Tashlin structures the film in an interesting way, though, so that the crazed release of this chase serves as a counterpoint to the comparatively staid and serious first half of the film. For the first few minutes, the cartoon is set up like a conventional flying ace film (excepting the replacement of the pilots with pigeons, of course), with the birds worrying about their missing friend and chain-smoking until mounds of cigarette butts pile up in the headquarters. A narrator provides a grim voiceover, the seriousness of his narration only undercut by the fact that he's speaking in rhyme, combining a fairy tale sensibility with the macho attitude of the flying picture genre. Once Daffy enters the scene, the mood is shattered, and the foggy ambiance of the birdhouse headquarters gives way to a wacky and surrealist chase as Hatta Mari attempts to extract military secrets from the unwilling Daffy. The chase itself is a masterpiece of warping space: the space seems to entirely change from one shot to the next, with Daffy's motion keying the transition from one space to the next. He opens a door, finds Matta Hari right behind it, darts towards the bottom of the frame and suddenly there's a staircase right there for him to leap down (and of course Matta Hari will somehow be waiting at the bottom as soon as he gets there). And there's an immortal line when the sexy spy chases Daffy into a refrigerator, and he pops his head back out to exclaim, "What do you know? The little light stays on!" This kind of absurdist digression isn't just a fun aside, but the very essence of the cartoon's method, although the equally absurd treatment of spatial logistics in the chase is perhaps a more subtle touch. In fact, the film's whole second half might be thought of as an absurdist detour from the genre pastiche of the beginning, going from the moody Only Angels Have Wings to the wackiness of a screwball comedy (hey, much like Hawks himself). Wackiness is built into the film's DNA, its very structure, which is what makes it such a classic of insanity.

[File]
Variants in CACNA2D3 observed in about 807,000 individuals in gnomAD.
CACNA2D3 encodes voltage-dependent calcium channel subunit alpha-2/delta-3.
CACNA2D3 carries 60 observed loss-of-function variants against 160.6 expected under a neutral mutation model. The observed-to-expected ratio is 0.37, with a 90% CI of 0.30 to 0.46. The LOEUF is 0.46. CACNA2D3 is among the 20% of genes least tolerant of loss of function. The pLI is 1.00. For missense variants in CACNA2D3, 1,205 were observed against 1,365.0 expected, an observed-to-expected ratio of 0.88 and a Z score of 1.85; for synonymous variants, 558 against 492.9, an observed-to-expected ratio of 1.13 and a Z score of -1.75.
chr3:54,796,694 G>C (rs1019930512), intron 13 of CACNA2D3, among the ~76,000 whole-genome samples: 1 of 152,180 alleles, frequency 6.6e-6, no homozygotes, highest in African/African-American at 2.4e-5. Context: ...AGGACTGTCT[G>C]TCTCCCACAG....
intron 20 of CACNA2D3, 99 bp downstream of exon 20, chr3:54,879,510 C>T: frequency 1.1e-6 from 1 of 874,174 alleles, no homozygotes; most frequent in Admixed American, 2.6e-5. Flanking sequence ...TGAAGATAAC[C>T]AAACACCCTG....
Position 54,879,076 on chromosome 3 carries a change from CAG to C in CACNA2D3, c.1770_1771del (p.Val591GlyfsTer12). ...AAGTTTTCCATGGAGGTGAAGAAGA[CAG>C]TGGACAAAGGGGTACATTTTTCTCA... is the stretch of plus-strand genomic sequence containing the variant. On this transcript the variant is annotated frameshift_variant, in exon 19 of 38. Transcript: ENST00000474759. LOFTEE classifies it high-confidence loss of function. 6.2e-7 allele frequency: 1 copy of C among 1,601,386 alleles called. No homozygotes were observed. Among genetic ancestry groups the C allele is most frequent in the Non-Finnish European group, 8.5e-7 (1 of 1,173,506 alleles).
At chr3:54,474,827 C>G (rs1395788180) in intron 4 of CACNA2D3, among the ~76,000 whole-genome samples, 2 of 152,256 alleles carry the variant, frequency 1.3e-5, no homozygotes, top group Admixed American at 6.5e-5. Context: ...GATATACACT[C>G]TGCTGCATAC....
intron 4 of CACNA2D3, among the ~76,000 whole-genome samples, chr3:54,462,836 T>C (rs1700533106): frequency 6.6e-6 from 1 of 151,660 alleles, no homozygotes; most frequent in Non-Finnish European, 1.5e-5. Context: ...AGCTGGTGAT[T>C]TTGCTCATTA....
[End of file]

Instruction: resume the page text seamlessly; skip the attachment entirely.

I Got Plenty of Mutton is a Frank Tashlin-directed one-shot, featuring a starving Depression-era wolf who's so desperate for food that he attempts to trick a deadly ram who's guarding a flock of sheep. This wolf, like so many of the supposedly predatory animals in these cartoons, is a dumb and hapless creature, not unlike the later Wile E. Coyote, who was based on this kind of one-shot wolf character. Like Wile, this wolf is a sad and sympathetic character, driven by sheer desperation and starvation, an outgrowth of the Depression and wartime rationing and shortages. He's introduced with a classic Depression-era gag, the "meal" that consists of just a single pea, eaten with a knife and fork in small pieces to prolong the pleasure of eating it.